A "Natural" Stand off between the Food and Drug Administration and the Courts: The Rise in Food-Labeling Litigation & the Need for Regulatory Reform

By Goodman, Amy-Lee | Boston College Law Review, January 1, 2019 | Go to article overview

A "Natural" Stand off between the Food and Drug Administration and the Courts: The Rise in Food-Labeling Litigation & the Need for Regulatory Reform


Goodman, Amy-Lee, Boston College Law Review


INTRODUCTION

Six out of ten adults in the United States suffer from a chronic disease that is linked to lifestyle and food consumption, such as heart disease, type two diabetes, arthritis, or obesity.1 A mere 100 years ago, these chronic conditions were considered degenerative diseases, which only affect the elderly.2 As of 2018, two out every three twelve-year-olds have atherosclerosis, and children as young as eleven are displaying the first signs of heart disease.3 These health conditions come with a hefty price, totaling nearly $750 billion in direct medical costs annually.4 The costs related to obesity alone total a staggering $190.2 billion per year.5 Given this current health crisis, consumers are demanding healthier food products and increased transparency regarding the ingredients in their food.6

Food labels provide the primary means for businesses to communicate with customers about their food products.7 Properly labeled products allow consumers to make more informed and healthier food choices.8 In response to consumer demand for healthier products, food companies are stocking grocery store shelves with products claiming to be "wholesome," "natural," and "healthful."9 Many of these products, however, are not as healthy or natural as purported.10 Although both consumers and food manufacturers place importance on the term, "natural," the Food and Drug Administration (FDA) has refused to define the term.11 In the absence of a legally enforceable definition, there has been a rise in class action litigation against allegedly mislabeled "all natural" food products.12 Some consumers assert that these labels are misleading because the products are made with artificial, synthetic, or genetically modified ingredients.13 Although mislabeling cases are often criticized as frivolous, businesses are changing their practices by removing "natural" claims from their products and reformulating their products to match consumer desires for healthier food.14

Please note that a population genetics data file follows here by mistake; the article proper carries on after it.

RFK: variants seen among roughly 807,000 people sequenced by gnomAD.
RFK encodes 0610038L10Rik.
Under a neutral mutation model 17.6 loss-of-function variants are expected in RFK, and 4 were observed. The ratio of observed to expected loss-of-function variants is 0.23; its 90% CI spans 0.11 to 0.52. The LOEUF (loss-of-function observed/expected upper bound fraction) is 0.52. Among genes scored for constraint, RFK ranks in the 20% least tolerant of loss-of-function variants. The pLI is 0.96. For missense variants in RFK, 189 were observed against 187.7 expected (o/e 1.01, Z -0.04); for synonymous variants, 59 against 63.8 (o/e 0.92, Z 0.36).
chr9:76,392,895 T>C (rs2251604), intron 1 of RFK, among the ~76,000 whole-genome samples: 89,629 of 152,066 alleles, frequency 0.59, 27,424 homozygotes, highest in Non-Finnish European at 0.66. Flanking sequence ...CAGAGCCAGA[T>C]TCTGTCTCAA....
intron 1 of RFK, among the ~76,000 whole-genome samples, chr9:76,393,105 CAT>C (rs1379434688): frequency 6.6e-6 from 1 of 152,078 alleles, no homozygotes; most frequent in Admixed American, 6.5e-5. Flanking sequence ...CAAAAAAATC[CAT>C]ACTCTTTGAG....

In addition to the courts, congressional action seeks to fill this regulatory void.15 Congress has twice attempted to pass labeling laws that would cure the FDA's inaction by defining the term "natural."16 In response to mounting pressure from the courts, industry, and consumers, the FDA initiated a public comment process that closed in May of 2016 concerning whether the agency should define the term "natural."17 Since closing comments, the FDA has remained silent on issuing a definition, sustaining a disagreement among the courts over whether primary jurisdiction should apply and litigation should be stayed due to possible agency action.18

Part I of this Note discusses reasons for the rise in food mislabeling litigation, provides an overview of the regulatory agencies and laws governing food labeling, and discusses the causes of actions that some consumers are bringing against food manufacturers.19 Part II discusses the impact of the FDA's decision to not define the term "natural," leaving a substantial grey area ripe for litigation and congressional attempts at regulation.20 Part III analyzes the impact of courts determining food-labeling laws rather than the regulatory agency and argues for the FDA to define what "natural" means to provide certainty for consumers, the industry, and the courts.21

I. OVERVIEW OF FDA FOOD LABELING REGULATIONS & THE RISE OF FOOD-LABELING LITIGATION

A. The Federal Food & Drug Administration: The Agency & Laws Behind the Food Labels

In 1901, twelve government volunteers, nicknamed "The Poison Squad" agreed to eat food laced with the most commonly used-but untested-food additives, including toxins such as borax, copper sulfate, and formaldehyde.22 Dr. Harvey Wiley, dubbed the "Father of the FDA" headed the experiment with the goal of showing the effects of adulterated food and the need for food regulation and proper labeling.23 Historically, states were charged with regulating food.24 With the increase in interstate commerce and technological innovations, reformers called for Congress to provide federal regulations to prevent potentially dangerous adulterated food additives from infiltrating the food market nationally. …

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